If you are looking for an old-school NYC Italian joint, then this is it. This Little Italy storefront eatery has been a neighborhood staple since 1902, offering a cozy mix of homemade dishes and traditional décor. Start your meal off with an order of fried zucchini or sautéed eggplant, and then move on to a filling entrée -- the rigatoni with vodka and tomato or grilled lamb chops with mushrooms or peppers come to mind. Be sure to ask about the daily specials, and keep your fingers crossed that calamari is among them. TRAIN: J, M, Z; N, R, 6 to Canal St (212-966-1277)
5 Il Palazzo
Smack in the heart of Little Italy, this romantic, two-level eatery offers an enchanting escape from modern life. Indeed, things here are done the old-fashioned way -- landscapes of the Old Country adorn the walls of the main dining room, the service is courteous and professional, and the fare is cooked-to-order. Regulars are torn over what the kitchen does best: Is it the pollo alla Palazzo or the gnocchi? The spaghetti or the tre paladini? One thing's for certain, dinner at Il Palazzo is an experience you won't soon forget. TRAIN: 6 to Spring St; 6, J, M, N, Q, R, W, Z to Canal St (212-343-7000)
4 Il Cortile
This outstanding Mulberry Street dining destination features one of the neighborhood's most charming dining areas: a garden room with a roof that is actually an expansive skylight. The decor elsewhere in Il Cortile is distinctly Roman -- lush greenery, statues and, of course, plenty of white marble columns. The kitchen, meanwhile, takes a creative approach to Italian cuisine with dishes like veal scaloppine rolled with currants, stuffed grilled lobster and a variety of barbecue dishes. Il Cortile is a favorite stop for holiday visitors. TRAIN: 6 to Spring St; 6, J, M, N, Q, R, W, Z to Canal St (212-226-6060)
This hip eatery does all it can to defy definition. The space juxtaposes library items (book and card catalog shelves) with the cool, industrial aesthetics of a converted warehouse. Billed as free-spirited fusion, the fare incorporates influences from far and wide -- that is to say, from Northern Africa to New Zealand, Europe to Southeast Asia. Starters include the likes of smoked coconut laksa with grilled Maya prawn; mains run from Thai pumpkin curry with pickled cucumber relish to snail and oxtail ravioli with pickled shiitake mushrooms. Corkage: $25 per bottle. TRAIN: 6 to Spring St; N, R to Prince St; F, V to Broadway-Lafayette; J, M to Bowery (212-343-7011)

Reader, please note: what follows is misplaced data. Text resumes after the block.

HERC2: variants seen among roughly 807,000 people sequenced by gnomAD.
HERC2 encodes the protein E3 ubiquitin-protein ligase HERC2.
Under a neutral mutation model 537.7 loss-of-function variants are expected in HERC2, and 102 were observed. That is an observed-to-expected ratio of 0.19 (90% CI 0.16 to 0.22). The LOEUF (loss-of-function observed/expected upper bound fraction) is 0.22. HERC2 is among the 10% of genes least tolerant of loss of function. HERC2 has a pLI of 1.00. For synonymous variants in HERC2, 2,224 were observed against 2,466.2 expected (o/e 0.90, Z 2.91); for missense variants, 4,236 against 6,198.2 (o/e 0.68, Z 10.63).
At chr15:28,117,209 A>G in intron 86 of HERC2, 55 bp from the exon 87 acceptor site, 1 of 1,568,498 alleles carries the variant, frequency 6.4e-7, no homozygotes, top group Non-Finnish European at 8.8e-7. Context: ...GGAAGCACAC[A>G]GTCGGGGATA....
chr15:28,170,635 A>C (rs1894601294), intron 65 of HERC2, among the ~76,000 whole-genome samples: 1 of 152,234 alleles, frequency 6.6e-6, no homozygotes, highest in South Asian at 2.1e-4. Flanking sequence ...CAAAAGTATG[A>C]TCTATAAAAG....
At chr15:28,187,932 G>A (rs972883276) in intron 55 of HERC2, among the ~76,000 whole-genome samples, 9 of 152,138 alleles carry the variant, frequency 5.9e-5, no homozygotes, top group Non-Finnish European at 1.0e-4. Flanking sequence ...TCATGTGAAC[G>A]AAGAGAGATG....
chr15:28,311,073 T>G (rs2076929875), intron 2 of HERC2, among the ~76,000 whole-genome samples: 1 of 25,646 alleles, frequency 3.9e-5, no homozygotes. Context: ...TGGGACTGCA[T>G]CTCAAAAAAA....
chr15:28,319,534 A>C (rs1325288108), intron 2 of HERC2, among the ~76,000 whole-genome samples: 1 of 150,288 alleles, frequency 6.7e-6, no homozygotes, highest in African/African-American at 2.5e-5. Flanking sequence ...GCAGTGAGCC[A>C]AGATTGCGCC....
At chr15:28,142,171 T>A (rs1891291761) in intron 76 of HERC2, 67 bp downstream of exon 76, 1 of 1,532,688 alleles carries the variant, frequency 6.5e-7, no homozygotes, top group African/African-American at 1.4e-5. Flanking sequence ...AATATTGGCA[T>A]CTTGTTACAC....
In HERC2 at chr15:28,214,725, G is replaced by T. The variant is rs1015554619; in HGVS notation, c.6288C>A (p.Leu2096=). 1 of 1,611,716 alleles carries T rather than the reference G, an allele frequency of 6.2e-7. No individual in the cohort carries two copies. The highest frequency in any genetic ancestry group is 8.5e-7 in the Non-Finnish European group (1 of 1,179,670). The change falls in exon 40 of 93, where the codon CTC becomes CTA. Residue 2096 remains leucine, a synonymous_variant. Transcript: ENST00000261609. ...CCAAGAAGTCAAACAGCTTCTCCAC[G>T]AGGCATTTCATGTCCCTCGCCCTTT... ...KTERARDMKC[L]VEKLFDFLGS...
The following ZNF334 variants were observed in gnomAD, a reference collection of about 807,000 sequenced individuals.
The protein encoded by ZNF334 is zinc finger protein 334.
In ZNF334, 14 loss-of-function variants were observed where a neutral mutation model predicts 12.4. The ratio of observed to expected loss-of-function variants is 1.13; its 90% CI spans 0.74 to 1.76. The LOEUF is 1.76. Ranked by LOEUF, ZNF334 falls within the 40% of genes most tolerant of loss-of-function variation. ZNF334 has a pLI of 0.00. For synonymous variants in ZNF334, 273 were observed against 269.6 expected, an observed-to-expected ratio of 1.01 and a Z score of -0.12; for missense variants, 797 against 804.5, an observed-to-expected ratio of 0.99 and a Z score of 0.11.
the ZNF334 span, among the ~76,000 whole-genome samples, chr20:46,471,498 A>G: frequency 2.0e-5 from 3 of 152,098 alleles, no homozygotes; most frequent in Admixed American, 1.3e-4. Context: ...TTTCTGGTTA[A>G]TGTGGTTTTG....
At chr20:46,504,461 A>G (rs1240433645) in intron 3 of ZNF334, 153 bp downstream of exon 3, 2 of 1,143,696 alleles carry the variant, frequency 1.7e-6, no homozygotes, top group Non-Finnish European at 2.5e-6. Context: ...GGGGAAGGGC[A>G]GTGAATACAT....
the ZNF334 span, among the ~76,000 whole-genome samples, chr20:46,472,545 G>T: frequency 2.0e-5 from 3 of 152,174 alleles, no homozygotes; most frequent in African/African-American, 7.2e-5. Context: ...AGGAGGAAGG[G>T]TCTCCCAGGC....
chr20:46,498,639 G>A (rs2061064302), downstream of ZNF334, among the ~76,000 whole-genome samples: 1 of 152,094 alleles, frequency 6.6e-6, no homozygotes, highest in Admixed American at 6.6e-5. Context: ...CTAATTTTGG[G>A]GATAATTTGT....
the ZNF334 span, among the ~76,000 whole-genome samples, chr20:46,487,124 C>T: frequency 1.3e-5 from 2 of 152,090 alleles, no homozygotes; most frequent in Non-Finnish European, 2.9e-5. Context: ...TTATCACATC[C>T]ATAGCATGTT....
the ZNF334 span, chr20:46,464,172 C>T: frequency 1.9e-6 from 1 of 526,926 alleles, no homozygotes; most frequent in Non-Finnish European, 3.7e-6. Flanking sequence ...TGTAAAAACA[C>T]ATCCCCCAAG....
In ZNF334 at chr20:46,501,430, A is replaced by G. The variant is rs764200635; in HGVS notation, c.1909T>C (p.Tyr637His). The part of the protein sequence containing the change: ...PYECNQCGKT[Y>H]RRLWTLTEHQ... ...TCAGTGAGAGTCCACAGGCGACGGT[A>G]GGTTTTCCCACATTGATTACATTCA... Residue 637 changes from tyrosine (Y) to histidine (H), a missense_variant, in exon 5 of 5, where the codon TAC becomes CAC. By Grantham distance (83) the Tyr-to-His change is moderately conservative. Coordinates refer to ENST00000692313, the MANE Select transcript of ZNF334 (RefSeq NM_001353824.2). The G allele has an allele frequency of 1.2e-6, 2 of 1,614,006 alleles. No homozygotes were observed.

2 La Esquina Taqueria and Cafe
The blinking neon "Corner" sign above what was once a diner beckons to weary and hungry passersby, promising wallet-friendly and yummy snacks. The taqueria does not disappoint, with tasty chorizo tacos and plates of enchiladas. However, La Esquina does more. This late-night pit stop has three separate dining and drinking areas: A brightly lit, street-level taqueria serving up a short-order menu; a 30-seat café with aged wood paneling and recessed bookshelves; and a dim, reservation-only cocktail lounge and restaurant behind the taqueria. Here, you can sip top-shelf tequila and enjoy more refined fare like huitlacoche quesadillas, pulled chicken stew and blue-crab tostadas. (646-613-7100, 646-613-1333)
Although it's officially located in Nolita, Lombardi's is just a few steps from Mulberry Street and well worth the slight detour, especially for first-time visitors. This Spring Street restaurant was licensed by the city in 1905, officially making it the first pizzeria in America. In fact, many of New York's top pizza makers learned their craft from Gennaro Lombardi. Over 100 years after it opened, the sublime, slightly charred pies made with San Marzano tomatoes and fresh mozzarella top many a New Yorker's list of the absolute best. The restaurant also has a full bar. TRAIN: 6 to Spring St (212-941-7994)
About Lisa Kahn
No matter where she's lived, Lisa Kahn has always called New York "home." Raised in Queens, Lisa studied journalism and consumed lots of premium ice cream in Boston. However, the manic energy of Manhattan eventually beckoned her back. Lisa has promoted New York travel for NYC & Company, The New York Times and Fodor's Travel Guides. An avid home cook, she has also penned food features for The Star-Ledger and is the editor of two grilling cookbooks. Lisa currently spends lots of time in Brooklyn scouring vintage stores and sampling the new restaurants springing up seemingly overnight on every street.
Read more about Lisa Kahn here.